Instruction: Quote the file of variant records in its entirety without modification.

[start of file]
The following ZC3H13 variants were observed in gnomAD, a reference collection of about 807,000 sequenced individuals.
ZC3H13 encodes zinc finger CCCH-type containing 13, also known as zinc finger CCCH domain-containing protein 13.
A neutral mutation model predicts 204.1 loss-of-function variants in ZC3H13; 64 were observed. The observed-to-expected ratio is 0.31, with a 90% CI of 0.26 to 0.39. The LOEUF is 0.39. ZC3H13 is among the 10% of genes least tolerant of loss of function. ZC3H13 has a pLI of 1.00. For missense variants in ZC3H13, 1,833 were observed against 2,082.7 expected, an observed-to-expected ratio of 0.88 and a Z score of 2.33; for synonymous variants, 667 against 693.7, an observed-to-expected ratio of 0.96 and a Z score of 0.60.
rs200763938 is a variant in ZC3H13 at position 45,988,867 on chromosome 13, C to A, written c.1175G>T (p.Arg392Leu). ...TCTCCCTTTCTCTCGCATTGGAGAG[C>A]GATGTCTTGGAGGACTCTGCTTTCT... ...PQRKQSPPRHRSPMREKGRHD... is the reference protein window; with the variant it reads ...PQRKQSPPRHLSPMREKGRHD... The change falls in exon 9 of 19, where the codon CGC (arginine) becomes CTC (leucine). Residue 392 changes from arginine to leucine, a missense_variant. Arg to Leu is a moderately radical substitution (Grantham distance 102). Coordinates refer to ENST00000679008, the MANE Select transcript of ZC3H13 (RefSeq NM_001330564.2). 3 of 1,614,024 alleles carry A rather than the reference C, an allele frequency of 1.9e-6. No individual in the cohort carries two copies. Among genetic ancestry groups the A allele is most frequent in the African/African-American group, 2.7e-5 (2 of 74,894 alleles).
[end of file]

The following ZC3H13 variants were observed in gnomAD, a reference collection of about 807,000 sequenced individuals.
ZC3H13 encodes zinc finger CCCH-type containing 13, also known as zinc finger CCCH domain-containing protein 13.
A neutral mutation model predicts 204.1 loss-of-function variants in ZC3H13; 64 were observed. The observed-to-expected ratio is 0.31, with a 90% CI of 0.26 to 0.39. The LOEUF is 0.39. ZC3H13 is among the 10% of genes least tolerant of loss of function. ZC3H13 has a pLI of 1.00. For missense variants in ZC3H13, 1,833 were observed against 2,082.7 expected, an observed-to-expected ratio of 0.88 and a Z score of 2.33; for synonymous variants, 667 against 693.7, an observed-to-expected ratio of 0.96 and a Z score of 0.60.
rs200763938 is a variant in ZC3H13 at position 45,988,867 on chromosome 13, C to A, written c.1175G>T (p.Arg392Leu). ...TCTCCCTTTCTCTCGCATTGGAGAG[C>A]GATGTCTTGGAGGACTCTGCTTTCT... ...PQRKQSPPRHRSPMREKGRHD... is the reference protein window; with the variant it reads ...PQRKQSPPRHLSPMREKGRHD... The change falls in exon 9 of 19, where the codon CGC (arginine) becomes CTC (leucine). Residue 392 changes from arginine to leucine, a missense_variant. Arg to Leu is a moderately radical substitution (Grantham distance 102). Coordinates refer to ENST00000679008, the MANE Select transcript of ZC3H13 (RefSeq NM_001330564.2). 3 of 1,614,024 alleles carry A rather than the reference C, an allele frequency of 1.9e-6. No individual in the cohort carries two copies. Among genetic ancestry groups the A allele is most frequent in the African/African-American group, 2.7e-5 (2 of 74,894 alleles).